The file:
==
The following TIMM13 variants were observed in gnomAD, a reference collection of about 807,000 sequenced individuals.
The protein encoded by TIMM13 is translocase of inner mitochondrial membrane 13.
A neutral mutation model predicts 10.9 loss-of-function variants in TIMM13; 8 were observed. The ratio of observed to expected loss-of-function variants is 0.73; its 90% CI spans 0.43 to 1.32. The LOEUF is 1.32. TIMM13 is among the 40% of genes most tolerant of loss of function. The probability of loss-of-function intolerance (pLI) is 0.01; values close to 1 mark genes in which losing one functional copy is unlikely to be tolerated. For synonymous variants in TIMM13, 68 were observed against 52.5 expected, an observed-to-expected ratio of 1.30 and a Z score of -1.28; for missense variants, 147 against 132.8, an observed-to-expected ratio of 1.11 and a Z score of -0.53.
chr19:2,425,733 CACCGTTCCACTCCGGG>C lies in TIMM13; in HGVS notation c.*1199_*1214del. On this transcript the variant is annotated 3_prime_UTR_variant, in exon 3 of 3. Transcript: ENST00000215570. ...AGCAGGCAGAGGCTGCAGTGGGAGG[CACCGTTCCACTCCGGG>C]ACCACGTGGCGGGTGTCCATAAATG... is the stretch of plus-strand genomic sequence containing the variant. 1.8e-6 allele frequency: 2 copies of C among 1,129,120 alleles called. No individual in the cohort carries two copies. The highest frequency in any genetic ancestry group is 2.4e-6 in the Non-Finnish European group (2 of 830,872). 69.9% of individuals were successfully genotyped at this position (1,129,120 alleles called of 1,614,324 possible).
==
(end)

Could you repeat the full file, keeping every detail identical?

The following TIMM13 variants were observed in gnomAD, a reference collection of about 807,000 sequenced individuals.
The protein encoded by TIMM13 is translocase of inner mitochondrial membrane 13.
A neutral mutation model predicts 10.9 loss-of-function variants in TIMM13; 8 were observed. The ratio of observed to expected loss-of-function variants is 0.73; its 90% CI spans 0.43 to 1.32. The LOEUF is 1.32. TIMM13 is among the 40% of genes most tolerant of loss of function. The probability of loss-of-function intolerance (pLI) is 0.01; values close to 1 mark genes in which losing one functional copy is unlikely to be tolerated. For synonymous variants in TIMM13, 68 were observed against 52.5 expected, an observed-to-expected ratio of 1.30 and a Z score of -1.28; for missense variants, 147 against 132.8, an observed-to-expected ratio of 1.11 and a Z score of -0.53.
chr19:2,425,733 CACCGTTCCACTCCGGG>C lies in TIMM13; in HGVS notation c.*1199_*1214del. On this transcript the variant is annotated 3_prime_UTR_variant, in exon 3 of 3. Transcript: ENST00000215570. ...AGCAGGCAGAGGCTGCAGTGGGAGG[CACCGTTCCACTCCGGG>C]ACCACGTGGCGGGTGTCCATAAATG... is the stretch of plus-strand genomic sequence containing the variant. 1.8e-6 allele frequency: 2 copies of C among 1,129,120 alleles called. No individual in the cohort carries two copies. The highest frequency in any genetic ancestry group is 2.4e-6 in the Non-Finnish European group (2 of 830,872). 69.9% of individuals were successfully genotyped at this position (1,129,120 alleles called of 1,614,324 possible).